Blood test shows predictive accuracy for high-grade prostate cancer

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“The ClarityDX Prostate test will reduce the number of unnecessary prostate biopsies, which are invasive, uncomfortable, and carry some risk,” says John D. Lewis, PhD.

EV-Fingerprint, a blood-based biomarker test, can accurately predict patients who have grade group 3 or greater prostate cancer and may reduce unnecessary biopsies, according to data published in Cancer Medicine.1

Investigators found that the test was able to predict which patients had grade group 3 or greater prostate cancer with 95% accuracy.

Investigators found that the test was able to predict which patients had grade group 3 or greater prostate cancer with 95% accuracy.

According to a news release on the test, “The technology measures levels of prostate cancer biomarkers in a patient’s blood sample, combines that data with their clinical information, then uses machine learning to generate a risk score that predicts the presence of clinically significant prostate cancer.”2

In total, the study of the test included 415 men who were referred for biopsies on the basis of high PSA levels from June 2014 to January 2017 in Alberta, Canada. Of those, 157 (38%) men had a negative biopsy, 258 (62%) received a diagnosis of any prostate cancer, and 73 (18%) were diagnosed with grade group 3 or greater prostate cancer.

Investigators found that the test was able to predict which patients had grade group 3 or greater prostate cancer with 95% accuracy (0.81 area under the curve [AUC]). The negative predictive value of the test was 97%.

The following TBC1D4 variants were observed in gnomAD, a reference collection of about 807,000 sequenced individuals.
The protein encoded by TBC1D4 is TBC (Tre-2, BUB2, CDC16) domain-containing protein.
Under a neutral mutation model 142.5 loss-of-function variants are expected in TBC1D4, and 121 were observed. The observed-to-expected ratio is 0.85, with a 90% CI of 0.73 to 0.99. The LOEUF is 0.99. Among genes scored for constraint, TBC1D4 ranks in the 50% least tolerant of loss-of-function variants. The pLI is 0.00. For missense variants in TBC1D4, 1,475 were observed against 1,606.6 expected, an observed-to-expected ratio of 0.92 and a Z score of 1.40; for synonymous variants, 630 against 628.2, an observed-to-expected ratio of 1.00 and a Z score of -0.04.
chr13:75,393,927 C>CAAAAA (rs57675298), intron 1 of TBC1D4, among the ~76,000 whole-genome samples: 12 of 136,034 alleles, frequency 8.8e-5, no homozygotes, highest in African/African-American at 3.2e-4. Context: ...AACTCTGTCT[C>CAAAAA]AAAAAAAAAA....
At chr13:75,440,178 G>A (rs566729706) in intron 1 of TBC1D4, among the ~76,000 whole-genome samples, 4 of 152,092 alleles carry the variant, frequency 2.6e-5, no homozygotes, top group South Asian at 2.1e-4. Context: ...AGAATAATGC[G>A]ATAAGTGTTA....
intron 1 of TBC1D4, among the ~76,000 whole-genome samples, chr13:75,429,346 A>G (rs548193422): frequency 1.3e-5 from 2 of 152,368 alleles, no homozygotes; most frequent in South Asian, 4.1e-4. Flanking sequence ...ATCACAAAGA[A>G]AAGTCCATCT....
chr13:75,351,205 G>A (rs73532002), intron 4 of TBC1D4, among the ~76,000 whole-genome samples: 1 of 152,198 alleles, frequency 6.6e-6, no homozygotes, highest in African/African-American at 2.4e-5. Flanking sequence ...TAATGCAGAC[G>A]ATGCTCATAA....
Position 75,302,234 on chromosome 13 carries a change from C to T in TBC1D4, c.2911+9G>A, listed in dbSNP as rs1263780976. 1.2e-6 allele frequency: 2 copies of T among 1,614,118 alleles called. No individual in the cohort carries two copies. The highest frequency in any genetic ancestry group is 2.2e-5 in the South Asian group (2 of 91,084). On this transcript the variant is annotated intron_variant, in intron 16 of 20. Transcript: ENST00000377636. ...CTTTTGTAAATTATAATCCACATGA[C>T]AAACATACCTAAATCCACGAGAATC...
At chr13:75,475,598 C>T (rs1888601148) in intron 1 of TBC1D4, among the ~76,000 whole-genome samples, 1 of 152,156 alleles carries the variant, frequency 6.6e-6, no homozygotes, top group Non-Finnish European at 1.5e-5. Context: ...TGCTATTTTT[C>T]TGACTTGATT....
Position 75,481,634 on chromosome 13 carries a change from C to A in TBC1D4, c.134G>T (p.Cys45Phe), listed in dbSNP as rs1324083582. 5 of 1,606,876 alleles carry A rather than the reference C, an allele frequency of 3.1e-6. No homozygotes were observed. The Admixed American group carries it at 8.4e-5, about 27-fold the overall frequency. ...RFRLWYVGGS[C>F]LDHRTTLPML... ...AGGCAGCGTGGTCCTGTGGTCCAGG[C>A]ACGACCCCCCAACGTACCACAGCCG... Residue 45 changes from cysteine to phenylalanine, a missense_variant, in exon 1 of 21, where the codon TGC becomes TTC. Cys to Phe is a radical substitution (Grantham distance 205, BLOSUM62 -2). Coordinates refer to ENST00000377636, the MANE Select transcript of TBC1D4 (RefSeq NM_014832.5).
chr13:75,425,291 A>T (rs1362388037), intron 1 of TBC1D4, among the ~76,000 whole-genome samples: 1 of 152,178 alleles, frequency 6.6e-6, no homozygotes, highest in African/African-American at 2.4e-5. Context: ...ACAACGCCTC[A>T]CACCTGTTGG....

Overall, 144 (35%) patients included in the study could have avoided the recommended biopsy when using a probability cutoff of at least 7.85%. Grade group 3 or greater prostate cancer would have gone undetected in 4 (5%) men. At a risk threshold of at least 5%, 35 (7%) patients could have avoided an unnecessary biopsy, and no grade group 3 or greater prostate cancer would have been missed.

“The ClarityDX Prostate test will reduce the number of unnecessary prostate biopsies, which are invasive, uncomfortable, and carry some risk,” stated John D. Lewis, PhD, in a news release.2 Lewis is the Bird Dogs Chair in translational oncology at the University of Alberta, and the CEO of Nanostics Inc, a University of Alberta spinoff company.

In comparison with the online risk calculator PCPTRC 2.0 alone, the EV-Fingerprint test demonstrated a greater specificity in predicting grade group 1 or greater disease, with 20% specificity for EV-Fingerprint compared with 15% with PCPTRC 2.0 alone. Both tests showed an AUC of 0.69 and similar negative predictive values.

In predicting grade group 2 or greater prostate cancer, EV-Fingerprint demonstrated a greater AUC but a lower specificity and negative predictive value compared with PCPTRC 2.0 alone.

Further, prediction of grade group 3 or greater prostate cancer with EV-Fingerprint demonstrated significantly superior AUC (0.81 vs 0.73), specificity (41% vs 24%), and negative predictive value (97% vs 95%) compared with PCPTRC 2.0 alone.

The authors note that a larger prospective study is being conducted for clinical validation of the test in a cohort of men from Canada and the US.

According to the news release, Nanostics is also currently seeking Health Canada and US FDA approval of the test.2

References

1. Fairey A, Paproski RJ, Pink D, et al. Clinical analysis of EV-Fingerprint to predict grade group 3 and above prostate cancer and avoid prostate biopsy. Cancer Med. 2023;12(15):15797-15808. doi:10.1002/cam4.6216

2. Blood test for prostate cancer could help avoid unnecessary biopsies. News release. University of Alberta. October 5, 2023. Accessed October 15, 2023. https://www.ualberta.ca/folio/2023/10/blood-test-for-prostate-cancer-could-help-avoid-unnecessary-biopsies.html

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